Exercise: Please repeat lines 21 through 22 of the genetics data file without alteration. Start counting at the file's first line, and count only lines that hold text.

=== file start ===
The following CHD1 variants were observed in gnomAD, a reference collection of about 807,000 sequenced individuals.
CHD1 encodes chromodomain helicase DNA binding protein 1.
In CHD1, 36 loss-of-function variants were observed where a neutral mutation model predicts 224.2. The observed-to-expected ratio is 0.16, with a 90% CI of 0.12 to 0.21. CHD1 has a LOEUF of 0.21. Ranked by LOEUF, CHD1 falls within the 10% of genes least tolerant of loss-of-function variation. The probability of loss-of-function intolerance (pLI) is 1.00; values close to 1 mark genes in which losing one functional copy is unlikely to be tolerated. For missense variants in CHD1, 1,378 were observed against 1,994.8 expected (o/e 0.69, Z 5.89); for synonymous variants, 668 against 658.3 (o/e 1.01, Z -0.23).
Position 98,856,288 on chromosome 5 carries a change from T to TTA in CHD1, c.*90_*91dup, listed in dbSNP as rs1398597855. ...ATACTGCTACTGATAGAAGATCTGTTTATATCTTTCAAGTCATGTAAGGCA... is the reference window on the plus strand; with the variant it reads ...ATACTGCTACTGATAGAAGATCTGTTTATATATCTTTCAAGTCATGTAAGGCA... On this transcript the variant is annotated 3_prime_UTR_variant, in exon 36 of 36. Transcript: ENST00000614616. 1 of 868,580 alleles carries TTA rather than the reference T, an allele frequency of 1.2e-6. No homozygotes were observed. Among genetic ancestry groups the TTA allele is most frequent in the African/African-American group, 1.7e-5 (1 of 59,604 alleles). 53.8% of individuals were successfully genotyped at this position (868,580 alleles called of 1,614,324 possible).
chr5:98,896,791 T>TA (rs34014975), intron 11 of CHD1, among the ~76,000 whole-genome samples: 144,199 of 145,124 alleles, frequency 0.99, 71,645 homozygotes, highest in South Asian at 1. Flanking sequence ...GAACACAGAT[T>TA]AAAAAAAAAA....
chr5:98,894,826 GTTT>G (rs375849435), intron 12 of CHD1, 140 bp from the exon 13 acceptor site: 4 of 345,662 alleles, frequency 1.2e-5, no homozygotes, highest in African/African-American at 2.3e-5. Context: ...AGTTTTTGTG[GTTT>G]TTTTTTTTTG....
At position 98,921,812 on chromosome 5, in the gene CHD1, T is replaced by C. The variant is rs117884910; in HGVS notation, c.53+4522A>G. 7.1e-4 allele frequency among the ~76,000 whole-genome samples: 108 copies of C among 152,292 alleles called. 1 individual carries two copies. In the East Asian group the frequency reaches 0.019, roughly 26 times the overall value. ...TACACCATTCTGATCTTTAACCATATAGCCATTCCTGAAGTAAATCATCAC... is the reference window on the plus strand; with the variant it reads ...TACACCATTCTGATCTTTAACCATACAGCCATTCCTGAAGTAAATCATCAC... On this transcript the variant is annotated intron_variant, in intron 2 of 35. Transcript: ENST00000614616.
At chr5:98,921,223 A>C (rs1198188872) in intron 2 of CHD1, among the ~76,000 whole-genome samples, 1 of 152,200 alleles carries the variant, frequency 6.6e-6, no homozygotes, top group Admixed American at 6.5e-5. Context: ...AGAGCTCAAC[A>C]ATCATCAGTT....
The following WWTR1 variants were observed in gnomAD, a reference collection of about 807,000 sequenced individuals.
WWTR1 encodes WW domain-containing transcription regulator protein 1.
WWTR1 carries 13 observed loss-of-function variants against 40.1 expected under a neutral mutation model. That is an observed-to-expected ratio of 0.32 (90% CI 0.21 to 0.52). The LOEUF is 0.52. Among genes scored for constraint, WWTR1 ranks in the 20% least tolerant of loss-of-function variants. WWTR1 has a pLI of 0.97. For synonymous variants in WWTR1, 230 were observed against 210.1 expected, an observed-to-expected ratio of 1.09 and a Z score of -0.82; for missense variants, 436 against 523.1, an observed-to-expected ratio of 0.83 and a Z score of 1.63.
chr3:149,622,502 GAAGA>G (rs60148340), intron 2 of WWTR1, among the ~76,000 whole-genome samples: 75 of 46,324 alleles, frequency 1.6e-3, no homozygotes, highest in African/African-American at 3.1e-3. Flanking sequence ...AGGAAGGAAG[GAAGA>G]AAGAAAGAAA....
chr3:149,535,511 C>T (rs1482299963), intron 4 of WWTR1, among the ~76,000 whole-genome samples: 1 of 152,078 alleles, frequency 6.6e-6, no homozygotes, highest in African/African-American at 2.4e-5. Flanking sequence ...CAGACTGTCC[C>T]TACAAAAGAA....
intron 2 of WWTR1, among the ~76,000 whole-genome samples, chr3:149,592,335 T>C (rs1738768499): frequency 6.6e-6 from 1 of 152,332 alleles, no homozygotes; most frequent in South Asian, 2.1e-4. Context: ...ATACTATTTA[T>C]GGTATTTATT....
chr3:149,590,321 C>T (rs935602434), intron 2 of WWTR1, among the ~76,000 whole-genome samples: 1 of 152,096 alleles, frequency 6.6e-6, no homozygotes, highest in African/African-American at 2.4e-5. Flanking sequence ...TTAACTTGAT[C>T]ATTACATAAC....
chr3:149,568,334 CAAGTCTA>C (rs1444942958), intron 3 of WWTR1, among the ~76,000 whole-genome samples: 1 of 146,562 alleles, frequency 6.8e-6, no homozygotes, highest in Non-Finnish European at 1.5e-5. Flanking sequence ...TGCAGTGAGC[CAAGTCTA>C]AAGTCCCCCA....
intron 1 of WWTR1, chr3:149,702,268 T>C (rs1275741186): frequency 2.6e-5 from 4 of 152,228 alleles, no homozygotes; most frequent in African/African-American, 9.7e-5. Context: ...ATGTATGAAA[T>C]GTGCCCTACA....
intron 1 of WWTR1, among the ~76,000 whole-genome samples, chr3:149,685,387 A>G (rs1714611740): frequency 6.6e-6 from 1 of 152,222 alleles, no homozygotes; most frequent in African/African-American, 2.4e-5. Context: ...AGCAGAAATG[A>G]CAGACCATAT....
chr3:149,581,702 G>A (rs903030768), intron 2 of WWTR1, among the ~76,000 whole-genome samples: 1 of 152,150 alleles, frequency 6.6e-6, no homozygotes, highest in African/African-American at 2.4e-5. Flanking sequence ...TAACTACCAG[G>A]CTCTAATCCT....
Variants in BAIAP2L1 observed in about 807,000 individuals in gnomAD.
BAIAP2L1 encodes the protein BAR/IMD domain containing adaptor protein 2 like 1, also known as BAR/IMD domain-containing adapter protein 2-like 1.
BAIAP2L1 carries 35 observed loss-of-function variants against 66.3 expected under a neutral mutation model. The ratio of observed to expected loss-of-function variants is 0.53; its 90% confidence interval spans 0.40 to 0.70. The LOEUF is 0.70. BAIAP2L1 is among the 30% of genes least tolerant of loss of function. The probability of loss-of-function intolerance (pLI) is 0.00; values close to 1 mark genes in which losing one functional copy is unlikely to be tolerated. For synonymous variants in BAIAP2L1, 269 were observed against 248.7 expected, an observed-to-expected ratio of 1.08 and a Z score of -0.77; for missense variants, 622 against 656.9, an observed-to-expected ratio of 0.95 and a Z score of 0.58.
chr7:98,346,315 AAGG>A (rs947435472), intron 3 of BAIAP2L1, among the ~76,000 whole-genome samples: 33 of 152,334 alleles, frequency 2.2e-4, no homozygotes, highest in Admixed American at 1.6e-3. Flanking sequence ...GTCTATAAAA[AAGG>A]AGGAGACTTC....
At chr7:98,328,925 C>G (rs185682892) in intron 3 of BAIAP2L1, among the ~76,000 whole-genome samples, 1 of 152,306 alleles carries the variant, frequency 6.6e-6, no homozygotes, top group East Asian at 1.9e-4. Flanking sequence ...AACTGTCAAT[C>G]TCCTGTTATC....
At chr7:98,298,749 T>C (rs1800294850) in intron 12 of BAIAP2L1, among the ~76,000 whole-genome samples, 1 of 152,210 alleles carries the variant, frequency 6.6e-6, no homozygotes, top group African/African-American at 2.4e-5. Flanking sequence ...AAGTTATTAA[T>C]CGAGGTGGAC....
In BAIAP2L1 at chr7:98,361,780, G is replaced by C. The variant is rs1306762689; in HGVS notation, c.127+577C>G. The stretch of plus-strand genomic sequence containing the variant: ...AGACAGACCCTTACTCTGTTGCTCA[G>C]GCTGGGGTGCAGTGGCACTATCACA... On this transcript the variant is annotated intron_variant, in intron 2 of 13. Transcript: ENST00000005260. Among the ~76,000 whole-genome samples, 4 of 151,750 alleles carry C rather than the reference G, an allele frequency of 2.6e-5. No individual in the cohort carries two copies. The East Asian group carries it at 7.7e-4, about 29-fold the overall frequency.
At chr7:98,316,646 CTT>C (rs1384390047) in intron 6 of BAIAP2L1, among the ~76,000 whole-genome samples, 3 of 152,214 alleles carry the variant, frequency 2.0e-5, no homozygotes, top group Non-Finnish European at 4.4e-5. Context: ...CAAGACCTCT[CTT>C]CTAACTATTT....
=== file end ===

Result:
BAIAP2L1 encodes the protein BAR/IMD domain containing adaptor protein 2 like 1, also known as BAR/IMD domain-containing adapter protein 2-like 1.
BAIAP2L1 carries 35 observed loss-of-function variants against 66.3 expected under a neutral mutation model. The ratio of observed to expected loss-of-function variants is 0.53; its 90% confidence interval spans 0.40 to 0.70. The LOEUF is 0.70. BAIAP2L1 is among the 30% of genes least tolerant of loss of function. The probability of loss-of-function intolerance (pLI) is 0.00; values close to 1 mark genes in which losing one functional copy is unlikely to be tolerated. For synonymous variants in BAIAP2L1, 269 were observed against 248.7 expected, an observed-to-expected ratio of 1.08 and a Z score of -0.77; for missense variants, 622 against 656.9, an observed-to-expected ratio of 0.95 and a Z score of 0.58.